Life and Death in the Third Reich, by Peter Fritzsche
In a masterful work, Peter Fritzsche deciphers the puzzle of Nazism’s ideological grip. Its basic appeal lay in the Volksgemeinschaft—a “people’s community” that appealed to Germans to be part of a great project to redress the wrongs of the Versailles treaty, make the country strong and vital, and rid the body politic of unhealthy elements. The goal was to create a new national and racial self-consciousness among Germans. For Germany to live, others—especially Jews—had to die. Diaries and letters reveal Germans’ fears, desires, and reservations, while showing how Nazi concepts saturated everyday life. Fritzsche examines the efforts of Germans to adjust to new racial identities, to believe in the necessity of war, to accept the dynamic of unconditional destruction—in short, to become Nazis.
Powerful and provocative, Life and Death in the Third Reich is a chilling portrait of how ideology takes hold.
The Belknap Press of Harvard University
At the beginning of Ernst Junger’s Auf der Marmorklippen (“Off the Marble Cliffs”), there is a touching passage: “You all know the wild grief that besets us when we remember times of happiness. How far beyond recall they are, and we are severed from them by something more pitiless than leagues and miles.”
Junger wrote in 1939, when no German could mistake (or simply ignore) the changes taking place in the country. Hitler came to power in 1933; the Nuremberg race laws were passed in 1935; the Anschluss took place in 1938. A dark new age was dawning, and Peter Fritzsche, the author of the definitive Germans into Nazis, probes his subject further in this brief, brutally intense new book, Life and Death in the Third Reich.
Fritzsche investigates the myriad ways Hitler’s Nazi Party attempted to impose the myth of its own necessity on the German people – and the correspondingly large number of ways the German people accommodated, accepted, and maybe even came to believe that myth (at the center of the book’s dust jacket is a kind-faced matronly woman who could be anybody’s friendly mother – only her right arm is raised, as are the right arms of all around her, in an enthusiastic Sieg Heil salute). It’s murky, disturbing territory, and Fritzsche, in chilling detail after detail, doesn’t flinch from it:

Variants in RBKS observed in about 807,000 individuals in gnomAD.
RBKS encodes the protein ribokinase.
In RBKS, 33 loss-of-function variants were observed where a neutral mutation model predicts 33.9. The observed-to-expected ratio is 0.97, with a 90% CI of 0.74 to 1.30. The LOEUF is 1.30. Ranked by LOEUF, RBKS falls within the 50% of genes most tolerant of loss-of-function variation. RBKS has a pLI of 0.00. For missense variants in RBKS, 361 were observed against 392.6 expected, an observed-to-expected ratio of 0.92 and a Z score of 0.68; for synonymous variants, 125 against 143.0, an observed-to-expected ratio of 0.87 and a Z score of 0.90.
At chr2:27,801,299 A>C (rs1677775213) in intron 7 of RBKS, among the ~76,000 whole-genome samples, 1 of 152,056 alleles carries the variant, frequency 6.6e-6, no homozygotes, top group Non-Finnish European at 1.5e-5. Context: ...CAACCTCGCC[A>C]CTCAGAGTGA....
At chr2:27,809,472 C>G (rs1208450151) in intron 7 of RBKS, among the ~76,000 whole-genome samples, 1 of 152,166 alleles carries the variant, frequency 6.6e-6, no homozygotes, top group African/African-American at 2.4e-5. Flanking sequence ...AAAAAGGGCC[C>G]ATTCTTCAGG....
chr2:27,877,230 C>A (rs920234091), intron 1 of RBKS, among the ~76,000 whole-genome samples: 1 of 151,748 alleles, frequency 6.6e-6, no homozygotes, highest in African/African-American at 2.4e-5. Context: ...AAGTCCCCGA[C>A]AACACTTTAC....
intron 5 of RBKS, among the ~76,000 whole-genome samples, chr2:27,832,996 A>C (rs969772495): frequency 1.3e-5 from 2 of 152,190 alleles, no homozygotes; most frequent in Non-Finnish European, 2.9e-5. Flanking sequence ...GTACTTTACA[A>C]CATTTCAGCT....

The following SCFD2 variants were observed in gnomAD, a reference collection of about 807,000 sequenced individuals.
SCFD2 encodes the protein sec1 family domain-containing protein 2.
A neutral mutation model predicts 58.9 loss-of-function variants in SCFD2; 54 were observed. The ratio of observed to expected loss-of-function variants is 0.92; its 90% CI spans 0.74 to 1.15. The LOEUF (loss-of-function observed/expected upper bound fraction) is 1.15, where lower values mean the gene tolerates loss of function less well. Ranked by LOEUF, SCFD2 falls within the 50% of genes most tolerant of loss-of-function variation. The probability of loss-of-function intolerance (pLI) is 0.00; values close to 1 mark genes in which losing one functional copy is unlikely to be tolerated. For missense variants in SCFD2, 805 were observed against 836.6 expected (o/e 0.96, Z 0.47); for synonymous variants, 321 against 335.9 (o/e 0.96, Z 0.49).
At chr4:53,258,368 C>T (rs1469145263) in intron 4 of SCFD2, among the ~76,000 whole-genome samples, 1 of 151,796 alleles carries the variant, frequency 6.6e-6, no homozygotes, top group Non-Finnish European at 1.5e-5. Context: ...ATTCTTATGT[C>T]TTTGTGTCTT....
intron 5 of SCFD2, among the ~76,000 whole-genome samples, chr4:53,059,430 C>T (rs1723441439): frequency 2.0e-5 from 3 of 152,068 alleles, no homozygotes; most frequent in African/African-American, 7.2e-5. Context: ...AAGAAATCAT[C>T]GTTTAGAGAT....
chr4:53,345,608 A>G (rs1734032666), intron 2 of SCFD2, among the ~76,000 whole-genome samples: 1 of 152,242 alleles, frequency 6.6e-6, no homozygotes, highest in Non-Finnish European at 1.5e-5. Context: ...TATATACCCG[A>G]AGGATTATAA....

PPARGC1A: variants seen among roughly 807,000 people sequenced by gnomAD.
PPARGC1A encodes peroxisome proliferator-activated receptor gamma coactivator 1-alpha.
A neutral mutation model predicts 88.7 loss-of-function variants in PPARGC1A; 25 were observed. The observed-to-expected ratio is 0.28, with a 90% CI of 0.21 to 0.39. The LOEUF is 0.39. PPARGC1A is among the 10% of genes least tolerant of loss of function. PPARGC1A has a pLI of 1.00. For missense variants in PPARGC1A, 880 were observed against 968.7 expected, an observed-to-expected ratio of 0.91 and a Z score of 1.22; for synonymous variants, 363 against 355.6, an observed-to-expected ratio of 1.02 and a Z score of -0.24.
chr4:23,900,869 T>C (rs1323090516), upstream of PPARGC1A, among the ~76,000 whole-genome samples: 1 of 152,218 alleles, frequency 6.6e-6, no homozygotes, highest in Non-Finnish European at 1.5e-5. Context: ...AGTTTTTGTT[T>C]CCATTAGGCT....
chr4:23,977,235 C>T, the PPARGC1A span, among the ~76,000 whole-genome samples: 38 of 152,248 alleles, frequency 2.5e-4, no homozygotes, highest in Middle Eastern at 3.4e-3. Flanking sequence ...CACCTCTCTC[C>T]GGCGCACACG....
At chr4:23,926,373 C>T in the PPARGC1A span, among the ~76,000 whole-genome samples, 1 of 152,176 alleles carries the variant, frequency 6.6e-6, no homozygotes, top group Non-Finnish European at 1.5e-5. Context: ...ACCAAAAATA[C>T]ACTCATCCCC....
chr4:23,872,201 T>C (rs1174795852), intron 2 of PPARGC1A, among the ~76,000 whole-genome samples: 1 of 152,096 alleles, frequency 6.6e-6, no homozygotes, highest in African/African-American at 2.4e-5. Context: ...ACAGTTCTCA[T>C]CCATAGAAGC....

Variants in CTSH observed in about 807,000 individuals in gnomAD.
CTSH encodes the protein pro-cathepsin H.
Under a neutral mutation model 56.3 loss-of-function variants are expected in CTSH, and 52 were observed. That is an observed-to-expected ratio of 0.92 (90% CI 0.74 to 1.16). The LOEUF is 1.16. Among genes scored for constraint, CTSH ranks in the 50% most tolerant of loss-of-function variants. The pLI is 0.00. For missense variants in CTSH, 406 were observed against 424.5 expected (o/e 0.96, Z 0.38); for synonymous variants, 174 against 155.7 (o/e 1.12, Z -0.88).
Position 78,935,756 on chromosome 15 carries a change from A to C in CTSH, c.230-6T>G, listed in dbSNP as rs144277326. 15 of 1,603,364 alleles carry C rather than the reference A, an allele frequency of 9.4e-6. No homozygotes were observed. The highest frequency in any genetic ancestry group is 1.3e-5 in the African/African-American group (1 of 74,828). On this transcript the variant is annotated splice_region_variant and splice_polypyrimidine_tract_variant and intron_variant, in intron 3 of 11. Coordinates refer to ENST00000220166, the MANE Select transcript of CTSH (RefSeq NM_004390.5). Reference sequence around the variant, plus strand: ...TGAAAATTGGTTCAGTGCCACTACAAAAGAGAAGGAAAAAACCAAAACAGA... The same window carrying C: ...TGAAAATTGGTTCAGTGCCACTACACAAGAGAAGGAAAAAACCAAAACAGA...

It was important, Elizabeth Sextrohs wrote [to her former friend Paula Tobias, a Jewish physician who’d asked her why she, Paula, no longer “counted” as a German] in September 1933, trying to be “as clear as possible,” to push back the “preponderant influence of Jewry in all aspects of German life.” True, it was “hard and tragic” for individuals to suffer. Elizabeth Gebensleben also weighed good and bad, but defended Jewish measures because they promised to restore German sovereignty. Antisemitism was tried on, and it often fitted.
Everywhere in Life and Death in the Third Reich, Fritzsche is energetic and assured, but he’s at his most affecting in this book when he’s writing about the Reich’s primary victims, the Jews:
The annihilation of Jewish communities was accompanied by the destruction of photographs, letters, and diaries – the private papers of deportees fueled a constant fire in Austerlitz, a satellite camp of Drancy (near Paris) where Jewish prisoners sorted through stolen goods – and thus the destruction of evidence of adjustment, attempts to escape or to resist the invaders, of the documentation of crimes, and of the comfort offered to friends and family.
Fritzsche has devoted his professional life to studying the horrible phenomenon of Nazism – how it came about, how it was able to flourish, how it exacted all the prices it did in death, in flesh, and in belief. It’s an unsavory subject, but he’s a master of it, and Life and Death in the Third Reich is his best work to date.